A former Jackson County treasurer took advantage of poor financial controls to write herself an extra $114,506 in checks in two years, according to two audits released Tuesday.
Beth Sallee was supposed to receive 24 paychecks totaling $45,450 in the fiscal year that ended June 30, 2015, but instead issued 26 additional checks to herself for an extra $46,173, field auditors found.
Sallee also dipped into federal funding the county receives to prepare for emergencies, writing herself more than three dozen checks totaling $60,180 from a grant.
Furthermore, she took extra paychecks in the fiscal year ending June 30, 2016, according to the audit.
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At the same time she was padding her pay, Sallee allowed county bills to go unpaid, costing taxpayers extra money for late fees and interest, an audit said.
State Auditor Mike Harmon said findings from the two reviews will be reported to the FBI, state police, the state attorney general’s office and the Kentucky Department of Revenue. The referrals could result in criminal investigations.
“We are referring both audits to federal and state law enforcement agencies because of the egregious conduct of the former county treasurer who improperly made numerous payments to herself,” Harmon said in a news release.
Jackson County residents “deserve better from those entrusted to handle the people’s business” Harmon said.
The two audits released Tuesday were of the Jackson County Fiscal Court, covering the period from July 1, 2014, through June 30, 2016.
The reports said the county’s accounting and financial practices were a mess in that period. The audits cited 35 deficiencies in the 2015 fiscal year, then repeated those and added five more for 2016.
Among the problems, the county overpaid and underpaid employees at times; incorrectly withheld retirement payments from part-time employees; did not set a required salary schedule; did not properly withhold health insurance premiums; paid health premiums for people no longer employed; did not properly calculate occupational tax withholding on all employee wages; paid magistrates expenses without a required assignment to working committees; did not budget properly; and failed to keep accurate records, the audits found.
The county also spent more money than it had, finishing the 2015 and 2016 fiscal year with deficits.
The deficit at the end of the 2016 fiscal year in June was $287,898, according to the audit for that budget year.
On top of that, the payroll account had an estimated deficit of $233,589 in mid-2016, the audit said.
The audits said the county had a lack of internal accounting controls designed to identify problems and prevent fraud. Those can include splitting financial duties among employees to create a system of checks.
The absence of such controls and of proper management oversight “created an environment in which funds were misappropriated and financial records were manipulated,” Harmon said.
Sallee allegedly wrote extra checks to herself from county payroll funds and from grant money the county received under the Chemical Weapons Stockpile Emergency Preparedness Program, or CSEPP.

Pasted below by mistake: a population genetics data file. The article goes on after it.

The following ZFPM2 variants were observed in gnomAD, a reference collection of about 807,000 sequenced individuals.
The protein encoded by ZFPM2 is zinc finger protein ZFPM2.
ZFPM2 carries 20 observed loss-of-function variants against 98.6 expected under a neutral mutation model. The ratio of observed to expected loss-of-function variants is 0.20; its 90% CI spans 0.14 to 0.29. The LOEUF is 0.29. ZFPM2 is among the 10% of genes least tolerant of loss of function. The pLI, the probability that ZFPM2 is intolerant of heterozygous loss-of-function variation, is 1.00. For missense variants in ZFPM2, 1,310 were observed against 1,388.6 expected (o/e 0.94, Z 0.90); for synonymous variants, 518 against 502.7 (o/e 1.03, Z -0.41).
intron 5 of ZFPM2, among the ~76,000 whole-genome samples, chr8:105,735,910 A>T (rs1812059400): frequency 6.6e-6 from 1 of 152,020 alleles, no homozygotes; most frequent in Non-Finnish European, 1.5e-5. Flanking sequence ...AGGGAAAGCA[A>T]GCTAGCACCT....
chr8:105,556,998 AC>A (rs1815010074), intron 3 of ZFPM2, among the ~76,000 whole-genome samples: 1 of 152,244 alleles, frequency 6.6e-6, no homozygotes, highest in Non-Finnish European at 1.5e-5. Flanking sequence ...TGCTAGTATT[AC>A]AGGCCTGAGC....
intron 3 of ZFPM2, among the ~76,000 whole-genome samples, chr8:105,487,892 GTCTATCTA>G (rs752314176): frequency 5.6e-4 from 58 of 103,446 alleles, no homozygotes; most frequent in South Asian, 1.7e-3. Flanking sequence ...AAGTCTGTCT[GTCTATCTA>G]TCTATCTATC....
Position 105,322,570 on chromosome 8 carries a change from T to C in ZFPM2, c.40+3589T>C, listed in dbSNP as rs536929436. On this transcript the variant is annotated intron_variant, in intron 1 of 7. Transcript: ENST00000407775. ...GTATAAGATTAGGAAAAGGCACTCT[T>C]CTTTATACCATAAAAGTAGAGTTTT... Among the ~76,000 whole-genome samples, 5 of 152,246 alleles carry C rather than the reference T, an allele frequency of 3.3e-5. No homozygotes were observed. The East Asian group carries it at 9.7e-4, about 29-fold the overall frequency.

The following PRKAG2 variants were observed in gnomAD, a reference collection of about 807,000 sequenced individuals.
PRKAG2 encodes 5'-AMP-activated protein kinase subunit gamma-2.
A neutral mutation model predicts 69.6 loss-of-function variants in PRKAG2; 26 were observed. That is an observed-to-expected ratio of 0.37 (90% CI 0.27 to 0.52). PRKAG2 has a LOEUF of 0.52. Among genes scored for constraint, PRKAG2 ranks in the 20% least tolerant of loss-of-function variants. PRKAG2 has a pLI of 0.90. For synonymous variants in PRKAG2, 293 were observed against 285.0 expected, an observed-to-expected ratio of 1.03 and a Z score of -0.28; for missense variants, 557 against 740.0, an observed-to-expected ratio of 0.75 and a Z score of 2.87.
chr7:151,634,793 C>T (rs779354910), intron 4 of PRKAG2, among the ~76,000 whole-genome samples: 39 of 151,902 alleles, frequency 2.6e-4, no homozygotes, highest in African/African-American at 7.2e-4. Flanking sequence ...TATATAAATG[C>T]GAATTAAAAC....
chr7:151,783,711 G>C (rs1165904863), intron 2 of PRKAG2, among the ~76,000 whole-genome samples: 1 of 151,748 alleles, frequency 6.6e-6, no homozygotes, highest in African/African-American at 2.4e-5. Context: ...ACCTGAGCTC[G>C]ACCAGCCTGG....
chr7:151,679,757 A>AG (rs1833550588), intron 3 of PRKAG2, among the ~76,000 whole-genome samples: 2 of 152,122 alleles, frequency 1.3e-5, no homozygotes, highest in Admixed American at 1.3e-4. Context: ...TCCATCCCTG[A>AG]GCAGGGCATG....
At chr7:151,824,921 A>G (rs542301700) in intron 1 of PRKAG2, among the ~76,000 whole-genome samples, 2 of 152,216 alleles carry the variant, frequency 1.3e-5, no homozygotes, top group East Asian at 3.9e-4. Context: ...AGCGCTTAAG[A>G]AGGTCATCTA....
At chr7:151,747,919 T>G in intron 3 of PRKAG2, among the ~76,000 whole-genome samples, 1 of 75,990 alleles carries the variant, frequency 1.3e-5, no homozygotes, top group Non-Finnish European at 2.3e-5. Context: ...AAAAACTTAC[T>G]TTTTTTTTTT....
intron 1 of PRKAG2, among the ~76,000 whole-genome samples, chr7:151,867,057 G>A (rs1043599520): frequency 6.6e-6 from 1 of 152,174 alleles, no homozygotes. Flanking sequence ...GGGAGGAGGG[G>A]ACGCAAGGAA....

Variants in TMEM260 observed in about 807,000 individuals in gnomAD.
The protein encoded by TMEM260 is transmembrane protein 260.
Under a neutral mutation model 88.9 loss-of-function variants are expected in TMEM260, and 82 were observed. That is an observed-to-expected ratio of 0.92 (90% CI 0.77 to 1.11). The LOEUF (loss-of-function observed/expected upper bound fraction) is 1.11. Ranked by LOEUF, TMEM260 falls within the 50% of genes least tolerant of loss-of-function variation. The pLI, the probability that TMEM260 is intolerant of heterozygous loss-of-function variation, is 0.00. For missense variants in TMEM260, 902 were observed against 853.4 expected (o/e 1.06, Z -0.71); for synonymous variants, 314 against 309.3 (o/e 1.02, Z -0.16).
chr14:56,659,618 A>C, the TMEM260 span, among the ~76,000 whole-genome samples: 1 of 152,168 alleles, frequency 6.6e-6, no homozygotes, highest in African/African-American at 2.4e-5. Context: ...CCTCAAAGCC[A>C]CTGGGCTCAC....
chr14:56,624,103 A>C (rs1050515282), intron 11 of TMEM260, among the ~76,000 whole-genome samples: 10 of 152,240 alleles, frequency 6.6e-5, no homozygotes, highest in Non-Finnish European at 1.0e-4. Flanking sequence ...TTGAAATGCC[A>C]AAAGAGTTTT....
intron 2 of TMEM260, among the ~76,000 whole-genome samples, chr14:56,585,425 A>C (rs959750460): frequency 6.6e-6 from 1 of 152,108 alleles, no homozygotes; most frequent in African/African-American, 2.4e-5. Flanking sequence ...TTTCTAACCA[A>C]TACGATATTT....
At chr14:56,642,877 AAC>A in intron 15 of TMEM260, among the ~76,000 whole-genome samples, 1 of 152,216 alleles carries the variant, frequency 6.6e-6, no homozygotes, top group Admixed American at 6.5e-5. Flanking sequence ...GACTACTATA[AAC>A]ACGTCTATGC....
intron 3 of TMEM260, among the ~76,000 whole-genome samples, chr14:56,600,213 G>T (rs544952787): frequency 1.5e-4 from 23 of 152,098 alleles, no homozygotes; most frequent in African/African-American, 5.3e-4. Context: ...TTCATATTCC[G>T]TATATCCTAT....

The federal government provides money through that program to several counties to help them prepare for potential leaks from the aging stockpile of chemical weapons at the Bluegrass Army Depot in Madison County.
County Judge-Executive Shane Gabbard said in responses included in the audit that the county has taken steps to fix the problems identified in the reviews and has cut costs to make up the deficits.
Sallee could not be reached for comment.
Jackson County officials have faced critical audits before. In the 2011 fiscal year, for example, an audit found that the county failed to pay employee payroll and retirement withholding on time; coded receipts in the wrong categories; and did not spend coal-severance tax receipts as required by state law.
Then-county Sheriff Denny Peyman cited that audit as the basis for arresting William O. Smith, who was judge-executive at the time, and Sallee in January 2014.
Peyman charged Smith and Sallee with forgery, falsifying records abuse of public trust and other felonies.
However, special prosecutor Jackie Steele, the commonwealth’s attorney in neighboring Laurel County, said there was insufficient evidence to support the charges and moved to dismiss them.
Smith sued Peyman and won a settlement of $62,500.
Peyman had significant bookkeeping problems in his own office, according to audits.
The audit of his final year in office in 2014 said Peyman did not turn over $32,871 in excess fees to the county as required and failed to settle a deficit of $28,169 from previous years.
State police arrested Peyman last month on charges of growing marijuana and trafficking in steroids.
There have been earlier problems related to CSEPP funding as well.
In 2011, the former Laurel County emergency manager admitted rigging a bid for equipment counties were buying under the program so that a woman he later married could get a $530,000 contract.
Brian Reams was sentenced to 18 months in prison and ordered to pay $215,134 in restitution.
And last year, Tamara Phelps, the former finance officer for Madison County’s program funded by CSEPP, pleaded guilty to stealing more than $332,000 over eight years.
She was sentenced to two years and eight months in prison; her attorney said she planned to repay the money.